School climate strikes in London, February 2019. Facundo Arrizabalaga / EPA

Climate justice: why we need a minister to connect with activist movements

The UK Labour Party recently announced it has created a new shadow minister for climate justice. Danielle Rowley has been appointed to the role and her job, according to press reports, will involve liaising with activist movements. As someone who has studied these groups for 30 years, this raises several intriguing questions for me about the relationship between the government and grassroots environmental movements.

The unfolding climate emergency – so dramatically brought to the public’s attention by activist group Extinction Rebellion and the school climate strikes – provides the immediate context for such an announcement. However, UK society is also suffering from austerity policies that have resulted in more homelessness, child poverty, environmental degradation and so on – all of which are exacerbated by climate change. Any meaningful response to these problems will have to address the climate crisis while also being mindful of social justice. The appointment of a shadow minister for climate justice should be understood in this light.

The idea of “climate justice” emerged from grassroots struggles for land and the environment in the developing world. Its advocates combine principles of democratic accountability and participation, ecological sustainability and social justice. In particular, climate justice rejects many current capitalist approaches to climate change such as carbon markets, and argues for keeping remaining fossil fuels in the ground. It poses creative solutions such as renewable energies, localised organic food production and “green” jobs.

Any government that wishes to meaningfully address the challenges posed by climate change will need to take seriously a climate justice agenda and be committed to it. The appointment of a shadow minister for climate justice is a belated beginning.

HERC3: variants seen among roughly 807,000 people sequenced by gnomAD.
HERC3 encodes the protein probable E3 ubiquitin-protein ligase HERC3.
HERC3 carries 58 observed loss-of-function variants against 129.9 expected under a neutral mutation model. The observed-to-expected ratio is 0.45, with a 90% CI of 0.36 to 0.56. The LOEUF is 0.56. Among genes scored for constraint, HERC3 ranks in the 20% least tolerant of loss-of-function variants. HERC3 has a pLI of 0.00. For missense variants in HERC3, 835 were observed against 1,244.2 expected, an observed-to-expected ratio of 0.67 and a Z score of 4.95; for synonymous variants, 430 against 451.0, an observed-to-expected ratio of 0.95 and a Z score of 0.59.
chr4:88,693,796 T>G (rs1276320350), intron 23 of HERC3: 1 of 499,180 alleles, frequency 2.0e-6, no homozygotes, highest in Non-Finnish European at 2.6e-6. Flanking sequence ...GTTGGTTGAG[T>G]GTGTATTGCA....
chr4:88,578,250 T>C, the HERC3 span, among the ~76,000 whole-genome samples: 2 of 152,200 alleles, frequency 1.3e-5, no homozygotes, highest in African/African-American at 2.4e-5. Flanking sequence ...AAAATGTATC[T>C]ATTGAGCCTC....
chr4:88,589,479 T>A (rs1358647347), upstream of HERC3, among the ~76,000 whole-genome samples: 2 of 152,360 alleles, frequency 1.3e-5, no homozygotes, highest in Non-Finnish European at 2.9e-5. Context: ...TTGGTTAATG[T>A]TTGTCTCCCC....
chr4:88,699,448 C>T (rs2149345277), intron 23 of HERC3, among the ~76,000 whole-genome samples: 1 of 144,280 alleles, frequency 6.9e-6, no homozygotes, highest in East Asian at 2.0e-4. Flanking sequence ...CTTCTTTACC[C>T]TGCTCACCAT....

However, as fossil fuel extraction continues and the climate crisis deepens, so environmental protests have increased. Some, such as Extinction Rebellion and the school strikes, demand more urgent climate action. Others, such as the anti-fracking campaigns in Lancashire and Yorkshire, highlight the problems that arise when trying to balance ecological and community concerns, business interests and government policy.

Protesters successfully held up plans to frack in Balcombe, West Sussex in 2013. Randi Sokoloff / Shutterstock

So what would a climate justice agenda look like? In the UK, it would mean a rapid transition to low or zero-carbon economies and lifestyles. Government policy and investment would focus on renewable energy, more sustainable transport, industry and land-use, as well as an ambitious “green new deal” on employment. It is likely that all this would bring government policy into confrontation with corporate interests and the leverage applied by corporate lobbying, trade unions and political party donations.

It is here that the relationship between the government and environmental movements will be critical. Environmental protest is never only oppositional. The key is always to attempt to transform society, not least by influencing government policy – for example through the promotion of workable alternatives.

Any relationship between grassroots mobilisations and the government – friendly or hostile – will create new arenas of social action. Sometimes that works to promote climate justice alternatives “on the ground”. A good example of this comes from Germany, where grassroots anti-nuclear activism in the 1970s and 1980s contributed to the emergence of a renewable energy sector largely controlled by local cooperatives. Sometimes it works to constrain climate justice alternatives – although anti-roads activism in the UK during the 1990s slowed down road building for a while, green transport remains in its infancy.

Climate activism, 1996. Good at stopping roads, bad at promoting electric cars. Tim Ockenden/PA

Environmental movements that do collaborate with the state always run the risk that their demands may get appropriated by the existing system in a way that neutralises their transformative potential. Therefore an engagement with the state only makes sense in a situation where a progressive social transformation might actually take place. Otherwise it is pointless.

Even if the Labour Party does come to power in the near future, and there is suddenly a serious chance of that progressive social transformation, environmental movements will remain crucial. Pledges made in opposition do not always turn into government policies, and ongoing mobilisations would be required to make sure a Labour government sticks to its promises.

In any case, climate justice cannot and should not wait upon the government to act. Grassroots struggles from below will remain a critical force that both create alternatives and, through protest, encourage the state to engage and negotiate. Such a relationship – in essence keeping the government honest – has the potential to enable a serious agenda of climate justice.


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